The iOS app is where most of the action takes place, since that is the standard portable device for most. Users access their personalized guidebooks and add new locations via their phone but, given that most of us spend an awful lot of time online from a laptop or PC, Place Finder is a super handy tool that gathers information for guides in a breeze.

It works very much like Evernote’s own Web clipper and, if you browse a website with details about places of interest, hotels, etc, you can click on Place Finder and it will automatically find and load all travel related details from the page into the sidebar. From there, you can make any edits and save the location and its details into your Dcovery guide.

The service grabs data from its own content system — which the team built using an array of open source systems and algorithms  that match duplicate places and scout for new data — and it also pulls in information from Foursquare and Google+ Local. That bevvy of sources provides map information, photos, comments and other data, such as opening times. In addition to stashing the details in the app, the webpage itself is also archived into the guide, both of which are immediately synced to the iOS app and made available for offline viewing.

You can also manually add location that are not automatically recognised by simply pressing add and highlighting the name: Dcovery will add location information and photos, though you can also tweak those.

Locations can also be added from mobile via the search function on the app, which, again, uses Dcovery’s own data primarily, with the option to search through Foursquare and Google+ Local if needed.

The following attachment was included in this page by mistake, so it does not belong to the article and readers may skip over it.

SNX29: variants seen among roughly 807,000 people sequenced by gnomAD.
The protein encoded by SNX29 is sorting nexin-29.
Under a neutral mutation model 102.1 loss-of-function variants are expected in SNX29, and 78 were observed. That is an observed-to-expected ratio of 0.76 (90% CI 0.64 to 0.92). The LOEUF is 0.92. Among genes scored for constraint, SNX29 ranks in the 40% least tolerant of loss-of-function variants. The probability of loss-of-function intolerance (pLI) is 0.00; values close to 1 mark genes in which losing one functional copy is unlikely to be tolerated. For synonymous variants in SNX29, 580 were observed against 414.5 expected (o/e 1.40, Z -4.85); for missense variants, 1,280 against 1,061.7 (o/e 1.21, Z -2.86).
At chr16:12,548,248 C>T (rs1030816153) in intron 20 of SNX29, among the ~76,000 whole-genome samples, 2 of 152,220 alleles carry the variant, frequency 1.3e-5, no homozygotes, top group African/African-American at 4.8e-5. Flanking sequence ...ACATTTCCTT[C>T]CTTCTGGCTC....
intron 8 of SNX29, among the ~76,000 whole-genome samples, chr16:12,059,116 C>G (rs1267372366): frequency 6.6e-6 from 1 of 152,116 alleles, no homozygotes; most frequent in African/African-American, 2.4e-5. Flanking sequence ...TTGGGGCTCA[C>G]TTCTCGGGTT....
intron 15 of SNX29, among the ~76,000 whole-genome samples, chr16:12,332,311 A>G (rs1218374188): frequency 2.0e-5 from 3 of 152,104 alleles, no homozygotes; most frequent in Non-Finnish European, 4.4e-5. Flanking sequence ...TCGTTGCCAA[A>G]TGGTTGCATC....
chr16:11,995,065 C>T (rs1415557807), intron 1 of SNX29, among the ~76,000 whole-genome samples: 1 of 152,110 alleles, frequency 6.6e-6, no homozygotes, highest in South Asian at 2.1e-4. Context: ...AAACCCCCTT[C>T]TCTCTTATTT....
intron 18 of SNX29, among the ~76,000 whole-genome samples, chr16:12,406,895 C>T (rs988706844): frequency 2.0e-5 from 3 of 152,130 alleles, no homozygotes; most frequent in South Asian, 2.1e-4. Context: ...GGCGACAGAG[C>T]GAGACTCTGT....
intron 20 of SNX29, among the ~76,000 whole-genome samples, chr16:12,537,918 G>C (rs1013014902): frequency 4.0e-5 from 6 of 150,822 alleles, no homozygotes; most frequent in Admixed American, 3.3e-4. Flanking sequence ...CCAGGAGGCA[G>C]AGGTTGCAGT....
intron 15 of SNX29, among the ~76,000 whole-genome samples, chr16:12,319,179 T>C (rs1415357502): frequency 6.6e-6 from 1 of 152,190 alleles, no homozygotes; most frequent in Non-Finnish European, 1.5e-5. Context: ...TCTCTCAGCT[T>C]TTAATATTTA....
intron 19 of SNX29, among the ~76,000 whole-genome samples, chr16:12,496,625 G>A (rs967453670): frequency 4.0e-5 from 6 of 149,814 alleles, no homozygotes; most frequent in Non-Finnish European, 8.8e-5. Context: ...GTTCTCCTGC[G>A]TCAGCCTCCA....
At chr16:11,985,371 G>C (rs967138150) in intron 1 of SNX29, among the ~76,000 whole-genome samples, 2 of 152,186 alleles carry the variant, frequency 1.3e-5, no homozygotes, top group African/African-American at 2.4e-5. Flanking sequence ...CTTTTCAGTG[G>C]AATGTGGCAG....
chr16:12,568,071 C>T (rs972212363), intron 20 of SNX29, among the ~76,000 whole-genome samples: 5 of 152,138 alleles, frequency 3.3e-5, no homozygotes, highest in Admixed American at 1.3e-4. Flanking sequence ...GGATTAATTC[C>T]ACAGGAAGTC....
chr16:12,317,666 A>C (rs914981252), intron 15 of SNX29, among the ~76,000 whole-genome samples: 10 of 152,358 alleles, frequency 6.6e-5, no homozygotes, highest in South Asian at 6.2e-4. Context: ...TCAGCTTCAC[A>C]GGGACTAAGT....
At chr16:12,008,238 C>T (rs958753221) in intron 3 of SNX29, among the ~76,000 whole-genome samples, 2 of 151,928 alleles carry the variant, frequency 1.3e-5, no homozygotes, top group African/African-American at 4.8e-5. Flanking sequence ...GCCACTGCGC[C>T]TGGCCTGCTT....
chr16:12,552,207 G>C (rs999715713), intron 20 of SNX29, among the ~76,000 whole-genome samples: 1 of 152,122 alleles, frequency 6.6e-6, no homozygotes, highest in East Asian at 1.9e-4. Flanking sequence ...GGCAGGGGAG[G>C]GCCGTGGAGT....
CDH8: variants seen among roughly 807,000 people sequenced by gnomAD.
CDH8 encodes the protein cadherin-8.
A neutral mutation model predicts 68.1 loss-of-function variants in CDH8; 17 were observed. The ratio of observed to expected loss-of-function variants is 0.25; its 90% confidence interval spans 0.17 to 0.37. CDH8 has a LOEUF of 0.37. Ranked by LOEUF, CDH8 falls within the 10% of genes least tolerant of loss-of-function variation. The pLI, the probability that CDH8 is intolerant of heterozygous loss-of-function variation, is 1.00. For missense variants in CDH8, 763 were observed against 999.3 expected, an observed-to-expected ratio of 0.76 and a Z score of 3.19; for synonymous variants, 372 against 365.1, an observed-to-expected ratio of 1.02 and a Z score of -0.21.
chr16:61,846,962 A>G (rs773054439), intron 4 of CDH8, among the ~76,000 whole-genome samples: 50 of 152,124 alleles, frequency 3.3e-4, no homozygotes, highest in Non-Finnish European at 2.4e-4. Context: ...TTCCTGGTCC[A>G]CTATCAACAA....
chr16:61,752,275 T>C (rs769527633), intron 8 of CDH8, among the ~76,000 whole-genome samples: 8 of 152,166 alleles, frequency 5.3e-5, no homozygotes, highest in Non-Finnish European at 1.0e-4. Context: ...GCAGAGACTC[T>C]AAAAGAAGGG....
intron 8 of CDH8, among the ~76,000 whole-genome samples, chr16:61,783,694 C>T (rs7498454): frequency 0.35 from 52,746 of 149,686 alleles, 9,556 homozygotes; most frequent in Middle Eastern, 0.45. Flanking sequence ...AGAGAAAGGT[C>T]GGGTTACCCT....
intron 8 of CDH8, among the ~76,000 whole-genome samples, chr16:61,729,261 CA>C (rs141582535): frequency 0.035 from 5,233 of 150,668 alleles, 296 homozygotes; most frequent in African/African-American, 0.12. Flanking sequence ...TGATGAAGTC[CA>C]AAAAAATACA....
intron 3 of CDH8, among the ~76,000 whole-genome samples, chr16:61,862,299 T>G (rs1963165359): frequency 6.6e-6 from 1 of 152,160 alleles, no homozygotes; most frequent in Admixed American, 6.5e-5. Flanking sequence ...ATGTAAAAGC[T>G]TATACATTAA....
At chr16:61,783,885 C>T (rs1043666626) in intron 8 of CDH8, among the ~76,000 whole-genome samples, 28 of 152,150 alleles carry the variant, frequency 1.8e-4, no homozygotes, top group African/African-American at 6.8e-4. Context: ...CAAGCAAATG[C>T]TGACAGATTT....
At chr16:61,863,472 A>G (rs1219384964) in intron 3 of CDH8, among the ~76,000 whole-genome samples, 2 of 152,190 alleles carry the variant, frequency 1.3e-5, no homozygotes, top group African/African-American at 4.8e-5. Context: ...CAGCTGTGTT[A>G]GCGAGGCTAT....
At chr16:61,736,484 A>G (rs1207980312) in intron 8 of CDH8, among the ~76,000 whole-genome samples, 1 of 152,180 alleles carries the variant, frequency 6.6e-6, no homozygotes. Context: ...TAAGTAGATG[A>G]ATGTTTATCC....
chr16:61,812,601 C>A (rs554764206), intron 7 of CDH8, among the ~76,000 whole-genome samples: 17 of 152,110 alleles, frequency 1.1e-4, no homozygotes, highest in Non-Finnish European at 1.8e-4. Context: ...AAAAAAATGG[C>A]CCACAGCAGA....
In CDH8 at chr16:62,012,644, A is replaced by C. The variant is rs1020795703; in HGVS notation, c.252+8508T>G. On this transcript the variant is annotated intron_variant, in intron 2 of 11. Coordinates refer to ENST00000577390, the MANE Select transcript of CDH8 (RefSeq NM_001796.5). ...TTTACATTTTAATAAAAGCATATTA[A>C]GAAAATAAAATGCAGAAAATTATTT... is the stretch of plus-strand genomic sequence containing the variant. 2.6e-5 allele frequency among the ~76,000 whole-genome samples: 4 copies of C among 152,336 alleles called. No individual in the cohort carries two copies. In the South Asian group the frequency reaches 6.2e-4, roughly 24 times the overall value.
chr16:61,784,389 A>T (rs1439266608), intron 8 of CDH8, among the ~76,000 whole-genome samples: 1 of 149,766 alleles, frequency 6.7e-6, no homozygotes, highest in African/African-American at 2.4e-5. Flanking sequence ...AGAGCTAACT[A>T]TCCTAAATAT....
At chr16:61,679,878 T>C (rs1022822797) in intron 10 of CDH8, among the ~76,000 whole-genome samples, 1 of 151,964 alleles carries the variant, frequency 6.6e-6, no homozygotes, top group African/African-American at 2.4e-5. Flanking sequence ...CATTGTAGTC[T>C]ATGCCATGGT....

That’s the basic and very simple process to adding new locations to a guide. You simply rinse and repeat to built up information about places that you want to visit with any given city. As is the case with Evernote — the company that Dcovery compares itself to — the data is available offline. That’s a huge boon to travelers since overseas mobile data usage is pricey and relying on WiFi access alone won’t give you regular access to power more established discovery apps like Foursquare or Google/Apple Maps when you need them.

Dcovery comes with three guides preloaded — Paris, Seoul and San Francisco — which helps seed the idea of just what can be done.

Incidentally, the team switched to Google Maps to Apple Maps following the launch of iOS 6 but Bellemare says they’ve no intention of moving back, despite Google launching its app and SDK last week.

“Apple Maps is beautiful, we’re really happy with it,” Bellemare, a UX design specialist, says. “Users were complaining about a lack of information but, since all of our data comes from us or other services, we don’t see a need to switch.”

An end to taxi driver language issues

One of the most useful features of Dcovery is ‘taxi mode’ which is aimed at helping fix those moments of language breakdown with drivers. We’ve all been there, in the back of a taxi in a foreign land, trying to explain where we’re going…but failing. Using Dcovery, you can switch your phone to landscape and it will bring up the address of the destination in the local language. That massively increases your chances of getting where you need to go, as Dcovery’s own team can testify.

“When we’re in Asia, we often use local taxis and tuk-tuks to get about,” Bellemare tells me, “but it can be difficult to communicate with the drivers who may not speak much English. We’ve personally used this feature in China, Thailand and other places and we think it’s really useful.”